The Beat

The Beat

Lolita is free


At the heart of Miami’s nostalgic aquarium lies the story of Lolita, the memorable killer whale, whose life was a subject of controversy, fascination, and concern for decades until her death on August 18, 2023. 

Last week, a necropsy report showed she died of old age and a number of chronic illnesses, including kidney failure.

Lolita’s life began near the waters of the Puget Sound of Washington State, where she lived with her mother. Then on August 8, 1970, Lolita’s pod of killer whales was attacked by Ted Griffin and Don Goldsberry. At only four years old, she was sold to the Miami Seaquarium. 

For over 50 years, Lolita lived in an 80-foot by 35-foot tank the size of a swimming pool. She was one of the oldest orcas still in captivity. Lola was held captive to entertain Miamians, but some people believed she was being cruelly kept in inhumane conditions. This generated a public awareness campaign during the last years of her life–a campaign that was a testament to the powerful way she captured the hearts and minds of all who saw her and knew her story.

One of the local children who felt uneasy about the concept of the park was Alejandra Martinez Fraga ‘25. “My mom only went with me a few times because she thought it was unethical,” Martinez Fraga said. 

Another Miamian who never agreed with the idea of the seaquarium was Eva Tapanes ‘25. “Our entertainment is not worth their lives,” she realized.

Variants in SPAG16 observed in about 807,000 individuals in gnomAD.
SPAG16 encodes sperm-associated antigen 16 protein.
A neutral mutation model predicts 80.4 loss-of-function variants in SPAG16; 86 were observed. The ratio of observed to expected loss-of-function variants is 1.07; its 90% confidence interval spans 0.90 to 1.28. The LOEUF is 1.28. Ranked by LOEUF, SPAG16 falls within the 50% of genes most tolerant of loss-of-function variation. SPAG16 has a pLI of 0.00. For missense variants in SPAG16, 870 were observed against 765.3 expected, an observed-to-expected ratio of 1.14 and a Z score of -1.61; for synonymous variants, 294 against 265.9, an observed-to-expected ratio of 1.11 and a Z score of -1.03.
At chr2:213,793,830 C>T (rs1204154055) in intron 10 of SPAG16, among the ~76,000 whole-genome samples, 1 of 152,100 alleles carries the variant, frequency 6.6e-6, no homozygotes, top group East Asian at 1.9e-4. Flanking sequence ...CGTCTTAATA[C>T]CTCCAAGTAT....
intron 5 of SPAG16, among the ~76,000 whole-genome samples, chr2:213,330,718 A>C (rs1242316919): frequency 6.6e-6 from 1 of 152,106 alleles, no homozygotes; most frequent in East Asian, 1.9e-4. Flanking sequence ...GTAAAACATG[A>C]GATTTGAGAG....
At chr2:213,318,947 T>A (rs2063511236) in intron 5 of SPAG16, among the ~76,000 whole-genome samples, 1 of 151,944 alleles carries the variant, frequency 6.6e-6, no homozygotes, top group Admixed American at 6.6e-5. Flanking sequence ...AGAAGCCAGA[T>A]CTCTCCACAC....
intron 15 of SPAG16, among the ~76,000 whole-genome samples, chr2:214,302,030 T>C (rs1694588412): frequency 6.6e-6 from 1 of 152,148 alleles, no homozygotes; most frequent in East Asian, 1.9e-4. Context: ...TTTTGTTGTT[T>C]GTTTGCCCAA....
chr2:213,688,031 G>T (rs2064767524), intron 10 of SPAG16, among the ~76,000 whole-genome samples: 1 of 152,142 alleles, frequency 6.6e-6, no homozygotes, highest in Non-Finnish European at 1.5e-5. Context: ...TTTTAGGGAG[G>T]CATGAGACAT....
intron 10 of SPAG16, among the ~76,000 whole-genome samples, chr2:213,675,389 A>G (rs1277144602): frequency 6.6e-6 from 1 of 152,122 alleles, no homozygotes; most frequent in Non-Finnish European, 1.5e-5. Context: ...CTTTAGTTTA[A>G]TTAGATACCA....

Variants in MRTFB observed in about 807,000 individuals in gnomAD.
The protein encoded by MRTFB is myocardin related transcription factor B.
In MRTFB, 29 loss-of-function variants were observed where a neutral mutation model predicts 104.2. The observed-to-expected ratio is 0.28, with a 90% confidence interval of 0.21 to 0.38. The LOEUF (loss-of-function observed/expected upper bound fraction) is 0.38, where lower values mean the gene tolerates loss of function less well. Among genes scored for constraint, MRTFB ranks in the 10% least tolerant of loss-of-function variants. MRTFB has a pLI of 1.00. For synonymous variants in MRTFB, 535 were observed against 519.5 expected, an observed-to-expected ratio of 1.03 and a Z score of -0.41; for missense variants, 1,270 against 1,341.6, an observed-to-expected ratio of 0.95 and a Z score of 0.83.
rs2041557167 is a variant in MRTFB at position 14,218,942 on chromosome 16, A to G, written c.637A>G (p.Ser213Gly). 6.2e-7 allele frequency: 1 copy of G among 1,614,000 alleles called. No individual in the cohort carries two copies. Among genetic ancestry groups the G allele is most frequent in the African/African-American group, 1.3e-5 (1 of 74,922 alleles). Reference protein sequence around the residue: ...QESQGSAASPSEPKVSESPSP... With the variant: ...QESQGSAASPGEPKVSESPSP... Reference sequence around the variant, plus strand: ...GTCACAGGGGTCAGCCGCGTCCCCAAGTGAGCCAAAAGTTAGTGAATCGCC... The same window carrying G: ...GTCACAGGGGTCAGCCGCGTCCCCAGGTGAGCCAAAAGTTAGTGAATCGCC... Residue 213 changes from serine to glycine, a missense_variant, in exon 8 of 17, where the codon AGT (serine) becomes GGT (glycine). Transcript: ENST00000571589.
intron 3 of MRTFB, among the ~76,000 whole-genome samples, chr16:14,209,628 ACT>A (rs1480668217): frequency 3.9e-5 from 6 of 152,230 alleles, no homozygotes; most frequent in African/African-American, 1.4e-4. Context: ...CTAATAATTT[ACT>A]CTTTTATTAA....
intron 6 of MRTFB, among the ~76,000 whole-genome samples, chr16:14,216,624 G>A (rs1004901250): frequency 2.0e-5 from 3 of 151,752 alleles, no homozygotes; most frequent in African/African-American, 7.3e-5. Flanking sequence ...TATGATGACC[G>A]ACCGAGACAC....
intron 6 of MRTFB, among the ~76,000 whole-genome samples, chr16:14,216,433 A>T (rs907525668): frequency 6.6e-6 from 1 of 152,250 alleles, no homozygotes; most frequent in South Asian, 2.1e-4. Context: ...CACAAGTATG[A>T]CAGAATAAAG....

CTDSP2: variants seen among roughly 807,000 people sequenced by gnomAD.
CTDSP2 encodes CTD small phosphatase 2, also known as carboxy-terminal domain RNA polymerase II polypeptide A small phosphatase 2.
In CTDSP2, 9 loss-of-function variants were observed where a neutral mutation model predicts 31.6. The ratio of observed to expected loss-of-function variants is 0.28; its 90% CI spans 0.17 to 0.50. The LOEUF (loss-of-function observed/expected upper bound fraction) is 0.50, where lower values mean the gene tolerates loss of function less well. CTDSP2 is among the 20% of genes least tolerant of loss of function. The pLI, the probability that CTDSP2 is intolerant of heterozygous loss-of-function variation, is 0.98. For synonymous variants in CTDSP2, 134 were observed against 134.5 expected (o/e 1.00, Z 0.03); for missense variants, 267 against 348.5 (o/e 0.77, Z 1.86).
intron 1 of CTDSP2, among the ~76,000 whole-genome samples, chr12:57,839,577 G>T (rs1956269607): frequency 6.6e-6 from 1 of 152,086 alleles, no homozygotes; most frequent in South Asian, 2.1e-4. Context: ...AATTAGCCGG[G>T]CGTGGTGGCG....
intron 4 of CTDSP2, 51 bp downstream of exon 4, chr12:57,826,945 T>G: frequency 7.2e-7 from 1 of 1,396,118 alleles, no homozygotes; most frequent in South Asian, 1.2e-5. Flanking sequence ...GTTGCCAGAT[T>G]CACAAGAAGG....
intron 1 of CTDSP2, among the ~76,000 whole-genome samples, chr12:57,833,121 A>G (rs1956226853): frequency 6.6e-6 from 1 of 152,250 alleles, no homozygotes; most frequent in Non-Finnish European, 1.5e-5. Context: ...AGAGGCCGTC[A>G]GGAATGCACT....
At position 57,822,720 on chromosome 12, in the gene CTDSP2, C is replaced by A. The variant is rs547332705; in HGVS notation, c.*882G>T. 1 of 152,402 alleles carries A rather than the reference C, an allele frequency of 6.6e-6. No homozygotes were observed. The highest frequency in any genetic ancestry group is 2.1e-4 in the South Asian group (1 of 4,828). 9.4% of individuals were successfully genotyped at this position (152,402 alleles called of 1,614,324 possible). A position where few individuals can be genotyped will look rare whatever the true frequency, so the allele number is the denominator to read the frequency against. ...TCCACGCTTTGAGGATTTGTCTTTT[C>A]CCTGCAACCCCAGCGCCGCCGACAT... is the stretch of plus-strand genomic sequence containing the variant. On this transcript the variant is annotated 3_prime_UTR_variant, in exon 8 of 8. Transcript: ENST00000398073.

As controversy grew, a “Save Lolita” campaign began. A nonprofit group, “Friends of Lolita,” started making plans for Lolita’s release in March, 2023. They reached an agreement to place Lolita in a sanctuary to be rehabilitated under the care of veterinary staff. She would then be returned to the wild between October 2024 to April 2025, and reunited with her family.

However, last August, she began experiencing signs of discomfort. A medical team found out it was a renal condition, an infection that can cause kidney failure. Due to her severe condition, she died too early to be reunited with her mother in the Puget Sound in Washington State.

“She was everyone’s childhood. It’s very sad to see her gone,” said Maria Stanham ‘26. She wishes she could have seen her free from captivity.

However, Ana Iacoviello ‘25 believes her life brought much needed awareness. “At least seaquariums are more aware that people care about how they treat animals,” she said.





View Comments (2)
More to Discover
About the Contributor
Meredith McKenna, News Editor
Meredith McKenna is a current junior at Carrollton and the editor of News for The Beat newspaper. Meredith writes news articles on current events while also vlogging important topics within the school. She is a part of the sailing team, campus ministry and an ambassador for the Miami Learning Experience.  She was also  awarded with an Honorable Mention in News Writing last year at the National Journalism Education Association Convention in San Francisco, CA.

Comments (2)

All The Beat Picks Reader Picks Sort: Newest

Your email address will not be published. Required fields are marked *

  • M

    Mr. AlkonNov 11, 2023 at 12:09 pm

    I never knew about Lolita — thank you for sharing her story, Meredith! I agree that her story is a sad one, but it does seem that her hard life has resulted in other animals being treated more sensitively.

  • A

    Alejandra Martinez-FragaOct 24, 2023 at 1:47 pm

    What a sad story. Thanks for sharing Meredith!